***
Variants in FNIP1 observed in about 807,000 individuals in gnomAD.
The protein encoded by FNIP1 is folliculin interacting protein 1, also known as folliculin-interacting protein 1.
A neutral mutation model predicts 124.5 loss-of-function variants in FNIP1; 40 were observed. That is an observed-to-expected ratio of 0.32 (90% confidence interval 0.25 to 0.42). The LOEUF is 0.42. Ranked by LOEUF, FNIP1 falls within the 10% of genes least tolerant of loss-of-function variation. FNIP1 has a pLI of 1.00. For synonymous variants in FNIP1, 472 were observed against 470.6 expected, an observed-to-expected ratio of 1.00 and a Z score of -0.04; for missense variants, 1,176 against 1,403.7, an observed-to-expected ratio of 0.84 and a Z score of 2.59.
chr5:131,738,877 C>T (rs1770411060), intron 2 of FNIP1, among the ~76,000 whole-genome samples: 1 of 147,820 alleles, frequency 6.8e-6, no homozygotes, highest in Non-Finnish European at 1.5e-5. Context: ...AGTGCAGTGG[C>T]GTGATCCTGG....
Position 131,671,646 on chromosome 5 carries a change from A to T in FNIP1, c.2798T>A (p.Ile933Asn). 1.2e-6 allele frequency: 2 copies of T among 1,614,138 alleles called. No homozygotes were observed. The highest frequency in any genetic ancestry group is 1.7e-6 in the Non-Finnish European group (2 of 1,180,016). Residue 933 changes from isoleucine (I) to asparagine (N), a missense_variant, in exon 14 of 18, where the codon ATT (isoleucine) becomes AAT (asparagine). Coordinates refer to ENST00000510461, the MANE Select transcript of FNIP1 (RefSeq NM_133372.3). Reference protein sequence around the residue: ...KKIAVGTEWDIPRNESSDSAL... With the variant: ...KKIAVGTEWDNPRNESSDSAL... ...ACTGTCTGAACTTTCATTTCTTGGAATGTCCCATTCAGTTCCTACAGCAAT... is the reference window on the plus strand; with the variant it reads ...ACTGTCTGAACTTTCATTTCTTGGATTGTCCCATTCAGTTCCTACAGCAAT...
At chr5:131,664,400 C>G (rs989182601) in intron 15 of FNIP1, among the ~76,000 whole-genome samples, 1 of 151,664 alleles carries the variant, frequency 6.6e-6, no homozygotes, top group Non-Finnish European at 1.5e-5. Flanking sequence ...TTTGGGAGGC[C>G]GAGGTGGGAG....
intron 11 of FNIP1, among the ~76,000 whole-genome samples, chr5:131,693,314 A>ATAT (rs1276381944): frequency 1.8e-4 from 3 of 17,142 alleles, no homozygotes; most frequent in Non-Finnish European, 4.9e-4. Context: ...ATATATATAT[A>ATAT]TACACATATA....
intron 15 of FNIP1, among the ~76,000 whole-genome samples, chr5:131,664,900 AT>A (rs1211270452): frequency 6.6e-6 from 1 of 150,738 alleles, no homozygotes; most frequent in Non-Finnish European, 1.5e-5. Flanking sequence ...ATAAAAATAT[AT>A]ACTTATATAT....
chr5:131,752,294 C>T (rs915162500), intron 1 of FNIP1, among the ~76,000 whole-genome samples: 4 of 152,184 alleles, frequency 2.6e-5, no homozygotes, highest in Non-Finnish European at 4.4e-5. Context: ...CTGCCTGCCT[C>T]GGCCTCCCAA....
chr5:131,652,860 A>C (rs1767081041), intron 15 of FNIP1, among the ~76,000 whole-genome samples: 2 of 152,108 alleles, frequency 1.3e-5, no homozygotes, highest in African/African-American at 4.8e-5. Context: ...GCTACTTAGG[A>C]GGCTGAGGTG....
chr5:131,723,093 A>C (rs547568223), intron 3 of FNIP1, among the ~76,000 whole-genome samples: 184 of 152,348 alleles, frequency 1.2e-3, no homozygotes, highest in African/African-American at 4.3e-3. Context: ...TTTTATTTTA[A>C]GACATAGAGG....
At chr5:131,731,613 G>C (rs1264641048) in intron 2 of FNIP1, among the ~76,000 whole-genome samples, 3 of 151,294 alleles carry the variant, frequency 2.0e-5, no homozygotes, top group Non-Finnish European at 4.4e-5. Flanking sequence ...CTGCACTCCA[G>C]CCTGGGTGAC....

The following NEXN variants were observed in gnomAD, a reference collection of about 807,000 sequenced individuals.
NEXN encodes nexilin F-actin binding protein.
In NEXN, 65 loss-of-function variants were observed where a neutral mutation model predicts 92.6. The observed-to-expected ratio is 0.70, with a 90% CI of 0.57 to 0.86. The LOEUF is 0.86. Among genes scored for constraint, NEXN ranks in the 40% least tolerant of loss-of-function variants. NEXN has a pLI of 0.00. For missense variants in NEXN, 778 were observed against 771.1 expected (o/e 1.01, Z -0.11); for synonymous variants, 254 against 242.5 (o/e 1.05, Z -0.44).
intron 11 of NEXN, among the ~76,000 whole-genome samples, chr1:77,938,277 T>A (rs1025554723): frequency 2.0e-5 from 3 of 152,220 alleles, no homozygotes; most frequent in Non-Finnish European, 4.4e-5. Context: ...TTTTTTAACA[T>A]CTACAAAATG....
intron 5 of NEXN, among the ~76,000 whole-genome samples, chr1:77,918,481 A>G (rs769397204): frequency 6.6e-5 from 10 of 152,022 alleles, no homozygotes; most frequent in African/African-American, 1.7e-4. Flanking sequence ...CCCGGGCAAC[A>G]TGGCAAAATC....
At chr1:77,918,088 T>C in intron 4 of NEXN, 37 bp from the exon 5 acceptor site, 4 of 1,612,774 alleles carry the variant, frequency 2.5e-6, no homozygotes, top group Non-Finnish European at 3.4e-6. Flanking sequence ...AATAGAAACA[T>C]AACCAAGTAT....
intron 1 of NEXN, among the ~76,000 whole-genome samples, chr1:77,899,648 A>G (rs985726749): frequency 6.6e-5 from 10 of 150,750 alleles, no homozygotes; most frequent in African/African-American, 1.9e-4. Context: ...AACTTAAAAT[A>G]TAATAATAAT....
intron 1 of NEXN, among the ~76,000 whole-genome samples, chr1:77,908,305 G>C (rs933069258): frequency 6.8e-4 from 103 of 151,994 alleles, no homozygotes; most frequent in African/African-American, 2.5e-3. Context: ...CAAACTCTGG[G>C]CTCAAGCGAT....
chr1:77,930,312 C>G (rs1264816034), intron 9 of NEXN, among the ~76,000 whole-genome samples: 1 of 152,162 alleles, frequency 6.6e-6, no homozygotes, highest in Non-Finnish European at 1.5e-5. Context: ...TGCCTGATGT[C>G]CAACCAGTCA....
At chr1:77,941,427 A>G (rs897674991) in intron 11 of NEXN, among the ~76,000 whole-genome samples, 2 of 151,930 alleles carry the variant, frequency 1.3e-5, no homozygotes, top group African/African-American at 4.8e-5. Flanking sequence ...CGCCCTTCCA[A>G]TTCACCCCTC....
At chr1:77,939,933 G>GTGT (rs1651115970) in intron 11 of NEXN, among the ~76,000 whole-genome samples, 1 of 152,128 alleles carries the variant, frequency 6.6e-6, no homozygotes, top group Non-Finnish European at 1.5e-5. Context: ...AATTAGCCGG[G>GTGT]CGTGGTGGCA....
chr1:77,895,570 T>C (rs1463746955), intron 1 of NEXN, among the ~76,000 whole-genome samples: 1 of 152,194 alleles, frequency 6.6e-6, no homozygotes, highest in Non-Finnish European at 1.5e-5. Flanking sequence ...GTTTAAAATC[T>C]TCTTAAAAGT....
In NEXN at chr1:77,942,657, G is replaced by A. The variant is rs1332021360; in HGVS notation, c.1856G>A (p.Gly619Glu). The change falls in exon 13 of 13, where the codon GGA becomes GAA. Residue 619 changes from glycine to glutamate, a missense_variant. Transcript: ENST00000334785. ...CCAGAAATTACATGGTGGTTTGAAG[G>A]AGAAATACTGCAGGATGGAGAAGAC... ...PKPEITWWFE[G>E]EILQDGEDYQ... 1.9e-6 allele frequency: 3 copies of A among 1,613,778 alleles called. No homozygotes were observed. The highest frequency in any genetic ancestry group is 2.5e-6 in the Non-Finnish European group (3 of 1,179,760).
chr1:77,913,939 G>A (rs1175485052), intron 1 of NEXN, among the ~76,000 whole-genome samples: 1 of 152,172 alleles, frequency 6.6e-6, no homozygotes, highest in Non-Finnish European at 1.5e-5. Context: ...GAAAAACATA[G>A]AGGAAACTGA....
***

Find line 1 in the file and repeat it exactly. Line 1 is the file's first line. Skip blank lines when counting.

Variants in FNIP1 observed in about 807,000 individuals in gnomAD.